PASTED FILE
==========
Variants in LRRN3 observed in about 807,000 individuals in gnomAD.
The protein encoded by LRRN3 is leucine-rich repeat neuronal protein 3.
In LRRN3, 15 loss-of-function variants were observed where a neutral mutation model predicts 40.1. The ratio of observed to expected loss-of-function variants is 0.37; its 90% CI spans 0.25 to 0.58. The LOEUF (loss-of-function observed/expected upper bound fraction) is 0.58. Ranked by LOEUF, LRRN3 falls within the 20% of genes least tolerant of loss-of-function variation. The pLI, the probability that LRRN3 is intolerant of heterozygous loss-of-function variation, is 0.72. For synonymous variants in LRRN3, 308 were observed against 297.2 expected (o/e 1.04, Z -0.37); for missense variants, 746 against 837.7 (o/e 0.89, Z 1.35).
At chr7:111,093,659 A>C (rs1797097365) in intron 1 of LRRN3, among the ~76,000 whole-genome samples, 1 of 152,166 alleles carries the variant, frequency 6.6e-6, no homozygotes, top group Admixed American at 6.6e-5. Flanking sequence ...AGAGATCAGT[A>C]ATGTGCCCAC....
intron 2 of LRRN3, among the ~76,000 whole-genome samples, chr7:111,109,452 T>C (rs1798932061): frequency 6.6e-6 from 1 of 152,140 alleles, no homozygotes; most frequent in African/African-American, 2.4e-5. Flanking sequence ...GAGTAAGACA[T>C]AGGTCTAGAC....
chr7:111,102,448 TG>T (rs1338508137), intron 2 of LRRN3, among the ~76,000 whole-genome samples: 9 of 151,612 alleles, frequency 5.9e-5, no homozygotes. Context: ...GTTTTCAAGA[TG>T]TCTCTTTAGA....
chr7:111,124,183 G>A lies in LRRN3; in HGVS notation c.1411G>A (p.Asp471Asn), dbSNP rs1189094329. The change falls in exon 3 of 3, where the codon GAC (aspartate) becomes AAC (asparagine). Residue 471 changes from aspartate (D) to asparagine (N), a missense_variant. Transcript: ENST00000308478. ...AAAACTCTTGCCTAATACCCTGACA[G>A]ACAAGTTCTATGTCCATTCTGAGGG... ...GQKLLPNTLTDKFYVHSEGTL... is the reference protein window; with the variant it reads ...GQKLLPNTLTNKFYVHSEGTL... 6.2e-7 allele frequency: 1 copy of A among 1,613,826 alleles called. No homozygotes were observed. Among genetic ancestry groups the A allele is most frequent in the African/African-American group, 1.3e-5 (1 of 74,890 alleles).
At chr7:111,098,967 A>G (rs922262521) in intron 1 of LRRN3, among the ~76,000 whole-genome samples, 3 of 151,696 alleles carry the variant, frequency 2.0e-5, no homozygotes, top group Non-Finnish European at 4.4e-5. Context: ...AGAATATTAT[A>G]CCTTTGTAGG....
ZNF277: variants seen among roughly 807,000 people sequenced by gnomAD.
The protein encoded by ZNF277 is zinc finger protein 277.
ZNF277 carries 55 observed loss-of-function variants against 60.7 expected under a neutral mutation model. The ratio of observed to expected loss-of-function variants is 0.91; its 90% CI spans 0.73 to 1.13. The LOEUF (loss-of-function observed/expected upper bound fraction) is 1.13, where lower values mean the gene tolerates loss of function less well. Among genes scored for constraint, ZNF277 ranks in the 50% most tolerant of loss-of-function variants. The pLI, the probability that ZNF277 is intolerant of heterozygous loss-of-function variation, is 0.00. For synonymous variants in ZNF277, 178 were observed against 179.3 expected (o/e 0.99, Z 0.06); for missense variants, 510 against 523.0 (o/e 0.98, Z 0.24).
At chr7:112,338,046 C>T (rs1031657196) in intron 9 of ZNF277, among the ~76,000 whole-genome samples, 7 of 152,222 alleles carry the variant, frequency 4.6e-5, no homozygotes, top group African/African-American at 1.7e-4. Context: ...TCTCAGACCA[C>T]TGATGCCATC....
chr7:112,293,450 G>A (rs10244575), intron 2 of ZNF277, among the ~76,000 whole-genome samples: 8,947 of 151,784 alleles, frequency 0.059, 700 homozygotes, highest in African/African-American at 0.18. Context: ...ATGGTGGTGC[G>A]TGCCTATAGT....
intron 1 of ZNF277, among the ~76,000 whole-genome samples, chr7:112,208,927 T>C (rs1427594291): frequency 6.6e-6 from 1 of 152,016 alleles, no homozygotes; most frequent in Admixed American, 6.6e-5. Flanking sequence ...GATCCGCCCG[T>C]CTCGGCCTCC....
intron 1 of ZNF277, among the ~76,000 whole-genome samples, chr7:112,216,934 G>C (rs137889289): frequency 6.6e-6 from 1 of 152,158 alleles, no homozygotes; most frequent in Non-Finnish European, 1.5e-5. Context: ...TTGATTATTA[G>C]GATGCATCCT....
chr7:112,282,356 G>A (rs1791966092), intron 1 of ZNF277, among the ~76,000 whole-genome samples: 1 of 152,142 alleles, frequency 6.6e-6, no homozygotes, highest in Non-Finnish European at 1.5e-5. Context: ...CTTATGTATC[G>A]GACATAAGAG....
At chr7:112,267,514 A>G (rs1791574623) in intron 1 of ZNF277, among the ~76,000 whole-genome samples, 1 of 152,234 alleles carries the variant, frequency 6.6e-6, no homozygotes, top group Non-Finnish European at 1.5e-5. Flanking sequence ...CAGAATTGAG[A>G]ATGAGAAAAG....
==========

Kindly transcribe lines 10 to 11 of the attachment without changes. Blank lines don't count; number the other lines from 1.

The protein encoded by ZNF277 is zinc finger protein 277.
ZNF277 carries 55 observed loss-of-function variants against 60.7 expected under a neutral mutation model. The ratio of observed to expected loss-of-function variants is 0.91; its 90% CI spans 0.73 to 1.13. The LOEUF (loss-of-function observed/expected upper bound fraction) is 1.13, where lower values mean the gene tolerates loss of function less well. Among genes scored for constraint, ZNF277 ranks in the 50% most tolerant of loss-of-function variants. The pLI, the probability that ZNF277 is intolerant of heterozygous loss-of-function variation, is 0.00. For synonymous variants in ZNF277, 178 were observed against 179.3 expected (o/e 0.99, Z 0.06); for missense variants, 510 against 523.0 (o/e 0.98, Z 0.24).